The IRS recently announced the 2023 Annual Cost of Living Adjustment to the maximum contribution that can be made to Health Savings Accounts, or HSAs, for eligible individuals covered by high-deductible qualifying health insurance. The 2023 limits have been increased to $3,850 for personal coverage and $7,750 for family coverage.
These adjustments are about four times larger than they were from 2021 to 2022, and with inflation currently skyrocketing, future adjustments are expected to be even larger. Additionally, for those age 55 or older, an additional $1,000 may be contributed.
For years, in my experience as a tax practitioner, most of my clients who had an HSA used them primarily as a funnel to just pay routine medical expenses with pre-tax money. In other words, they would make current contributions to the account roughly equal to their medical expenses for the year, take the corresponding tax deduction, and then withdraw the funds from the account to reimburse themselves for the medical expenses incurred, leaving little behind in the account.
Nothing necessarily wrong with this approach, as it at least saves on the income tax bill. But consider this — according to one source, Fidelity’s Retiree Health Care Cost Estimate, an average retired couple turning 65 in 2021 might need about $300,000 in after-tax funds to cover their expenses. retirement healthcare costs (the 2022 estimate has not yet been released but no doubt it will be larger).
Given the estimate above and the longer-term tax advantages of an HSA compared to other investment and retirement savings vehicles, the “funnel” approach mentioned above may be short-sighted, leaving valuable financial benefits on the table that could go a long way to covering medical expenses during retirement.
Many people mistakenly think that HSA funds should simply be held in a low interest bank account, but this is not the case. On the contrary, an HSA can be invested for a longer term in stocks, bonds, mutual funds, etc., just like other investment and retirement accounts.
Admittedly, like any investment vehicle, there is investment risk, as assets are subject to market volatility. They can go up in value (as they tend to do historically over time), but they can also go down in value, as we see with recent market sell-offs (which some see as an opportunity to buy stocks, as they say, “oversell”).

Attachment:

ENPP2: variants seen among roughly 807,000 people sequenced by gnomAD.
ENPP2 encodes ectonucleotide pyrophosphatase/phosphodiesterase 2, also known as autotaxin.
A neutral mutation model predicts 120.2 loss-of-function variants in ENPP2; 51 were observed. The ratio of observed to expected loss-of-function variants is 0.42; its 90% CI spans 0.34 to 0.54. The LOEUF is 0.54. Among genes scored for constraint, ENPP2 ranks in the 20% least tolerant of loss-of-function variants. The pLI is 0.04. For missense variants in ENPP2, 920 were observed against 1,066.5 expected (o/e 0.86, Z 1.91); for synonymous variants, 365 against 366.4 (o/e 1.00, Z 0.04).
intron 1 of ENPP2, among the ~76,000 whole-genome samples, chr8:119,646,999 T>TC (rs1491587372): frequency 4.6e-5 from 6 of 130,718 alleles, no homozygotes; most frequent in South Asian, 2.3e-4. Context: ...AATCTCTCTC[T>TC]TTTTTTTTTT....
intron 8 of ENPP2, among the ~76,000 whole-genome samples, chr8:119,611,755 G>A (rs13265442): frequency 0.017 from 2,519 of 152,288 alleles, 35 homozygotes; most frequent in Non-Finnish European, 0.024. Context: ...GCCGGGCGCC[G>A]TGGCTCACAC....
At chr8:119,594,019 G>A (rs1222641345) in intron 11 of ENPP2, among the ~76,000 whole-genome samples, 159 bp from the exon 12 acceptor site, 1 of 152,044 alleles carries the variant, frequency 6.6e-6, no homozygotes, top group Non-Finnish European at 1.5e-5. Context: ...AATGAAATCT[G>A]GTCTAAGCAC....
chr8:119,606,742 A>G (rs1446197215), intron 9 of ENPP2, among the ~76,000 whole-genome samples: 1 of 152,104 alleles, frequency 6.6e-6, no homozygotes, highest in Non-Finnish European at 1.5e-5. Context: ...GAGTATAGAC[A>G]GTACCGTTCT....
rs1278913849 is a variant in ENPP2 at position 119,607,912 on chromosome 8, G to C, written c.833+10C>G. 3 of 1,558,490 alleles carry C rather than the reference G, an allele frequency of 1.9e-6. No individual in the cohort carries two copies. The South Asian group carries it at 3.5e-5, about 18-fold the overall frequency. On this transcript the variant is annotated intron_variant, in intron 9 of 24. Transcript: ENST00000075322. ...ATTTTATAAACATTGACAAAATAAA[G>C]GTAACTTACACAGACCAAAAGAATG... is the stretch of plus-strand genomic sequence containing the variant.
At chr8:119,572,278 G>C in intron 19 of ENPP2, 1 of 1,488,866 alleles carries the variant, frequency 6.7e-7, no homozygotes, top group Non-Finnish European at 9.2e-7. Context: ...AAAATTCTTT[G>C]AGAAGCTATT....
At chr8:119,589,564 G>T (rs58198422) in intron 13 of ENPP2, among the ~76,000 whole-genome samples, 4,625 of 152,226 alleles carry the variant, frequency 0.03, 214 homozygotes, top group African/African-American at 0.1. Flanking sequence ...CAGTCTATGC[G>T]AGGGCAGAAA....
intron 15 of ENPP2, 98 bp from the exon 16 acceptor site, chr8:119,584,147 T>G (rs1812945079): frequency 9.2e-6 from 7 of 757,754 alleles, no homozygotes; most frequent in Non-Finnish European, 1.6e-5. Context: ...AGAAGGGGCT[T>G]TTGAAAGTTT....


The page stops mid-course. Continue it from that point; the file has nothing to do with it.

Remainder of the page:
But if the long-term goal is financial security in retirement, and a subset of that goal is having enough to pay your medical bills, investing fully where possible using an HSA has a lot going for it. sense given its inherent advantages.
First of all, as already mentioned before, contributions to an HSA are tax deductible, unlike funds placed in a typical savings or investment account. So right off the bat, you have more money left in your pocket to save in other ways or for your day-to-day expenses.
Once in the account, any income earned or growth in the value of investments is not subject to income tax and will never assume that it is then used to pay or reimburse you for eligible medical expenses incurred.
Also, HSAs have an advantage, at least in my mind, that trumps all types of IRAs in that an HSA in a sense combines the best of a traditional IRA and a Roth IRA. What do I mean by that?
With a traditional IRA, when you make a contribution, you get a tax deduction just like you do with an HSA, that is, assuming the deduction is not limited by your income. However, when the funds are withdrawn, the distribution is taxable income to you and, if withdrawn before age 59.5, is subject to an early withdrawal penalty. A Roth IRA, on the other hand, does not provide a deduction when funded, but in most cases withdrawals are tax-free, including income.
The HSA, being the best of both worlds, gives you the initial deduction of a traditional IRA (without the income limits), the tax-free growth while in the account is the same as both types of IRAs. , and the tax-free withdrawal nature of a Roth IRA when used for medical expenses, making it an excellent, viable investment vehicle to prepare for retirement.
Flexibility, tax advantages, and long-term financial planning focused on medical expenses at retirement age make health savings accounts, if you qualify for one, a potentially powerful weapon in your arsenal. retirement planning.